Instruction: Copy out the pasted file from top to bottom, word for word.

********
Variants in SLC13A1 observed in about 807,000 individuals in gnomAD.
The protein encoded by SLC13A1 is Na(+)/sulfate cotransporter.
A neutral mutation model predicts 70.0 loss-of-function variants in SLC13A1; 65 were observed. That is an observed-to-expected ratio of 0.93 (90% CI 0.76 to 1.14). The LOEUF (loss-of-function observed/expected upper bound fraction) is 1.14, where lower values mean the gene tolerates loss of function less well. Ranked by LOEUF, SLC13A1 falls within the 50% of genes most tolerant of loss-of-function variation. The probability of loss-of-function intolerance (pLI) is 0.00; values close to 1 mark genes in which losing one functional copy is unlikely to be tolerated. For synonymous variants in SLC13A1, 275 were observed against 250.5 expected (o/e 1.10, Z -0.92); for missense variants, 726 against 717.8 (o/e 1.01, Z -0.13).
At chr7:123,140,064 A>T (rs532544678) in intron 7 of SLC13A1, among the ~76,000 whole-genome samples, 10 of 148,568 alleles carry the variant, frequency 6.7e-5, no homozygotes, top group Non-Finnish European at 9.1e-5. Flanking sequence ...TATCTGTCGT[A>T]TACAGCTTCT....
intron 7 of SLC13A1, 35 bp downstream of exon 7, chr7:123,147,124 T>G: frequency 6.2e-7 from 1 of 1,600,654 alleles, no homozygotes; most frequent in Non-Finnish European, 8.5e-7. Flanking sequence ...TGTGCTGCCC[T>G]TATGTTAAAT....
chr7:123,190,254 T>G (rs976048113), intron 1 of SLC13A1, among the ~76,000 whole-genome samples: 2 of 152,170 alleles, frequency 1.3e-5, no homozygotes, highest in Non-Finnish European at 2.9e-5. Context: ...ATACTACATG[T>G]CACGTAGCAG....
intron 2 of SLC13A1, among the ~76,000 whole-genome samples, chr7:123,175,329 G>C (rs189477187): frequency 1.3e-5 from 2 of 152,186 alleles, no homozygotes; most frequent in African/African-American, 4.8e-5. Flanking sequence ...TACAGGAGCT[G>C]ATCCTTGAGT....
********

Variants in SLC13A1 observed in about 807,000 individuals in gnomAD.
The protein encoded by SLC13A1 is Na(+)/sulfate cotransporter.
A neutral mutation model predicts 70.0 loss-of-function variants in SLC13A1; 65 were observed. That is an observed-to-expected ratio of 0.93 (90% CI 0.76 to 1.14). The LOEUF (loss-of-function observed/expected upper bound fraction) is 1.14, where lower values mean the gene tolerates loss of function less well. Ranked by LOEUF, SLC13A1 falls within the 50% of genes most tolerant of loss-of-function variation. The probability of loss-of-function intolerance (pLI) is 0.00; values close to 1 mark genes in which losing one functional copy is unlikely to be tolerated. For synonymous variants in SLC13A1, 275 were observed against 250.5 expected (o/e 1.10, Z -0.92); for missense variants, 726 against 717.8 (o/e 1.01, Z -0.13).
At chr7:123,140,064 A>T (rs532544678) in intron 7 of SLC13A1, among the ~76,000 whole-genome samples, 10 of 148,568 alleles carry the variant, frequency 6.7e-5, no homozygotes, top group Non-Finnish European at 9.1e-5. Flanking sequence ...TATCTGTCGT[A>T]TACAGCTTCT....
intron 7 of SLC13A1, 35 bp downstream of exon 7, chr7:123,147,124 T>G: frequency 6.2e-7 from 1 of 1,600,654 alleles, no homozygotes; most frequent in Non-Finnish European, 8.5e-7. Flanking sequence ...TGTGCTGCCC[T>G]TATGTTAAAT....
chr7:123,190,254 T>G (rs976048113), intron 1 of SLC13A1, among the ~76,000 whole-genome samples: 2 of 152,170 alleles, frequency 1.3e-5, no homozygotes, highest in Non-Finnish European at 2.9e-5. Context: ...ATACTACATG[T>G]CACGTAGCAG....
intron 2 of SLC13A1, among the ~76,000 whole-genome samples, chr7:123,175,329 G>C (rs189477187): frequency 1.3e-5 from 2 of 152,186 alleles, no homozygotes; most frequent in African/African-American, 4.8e-5. Flanking sequence ...TACAGGAGCT[G>C]ATCCTTGAGT....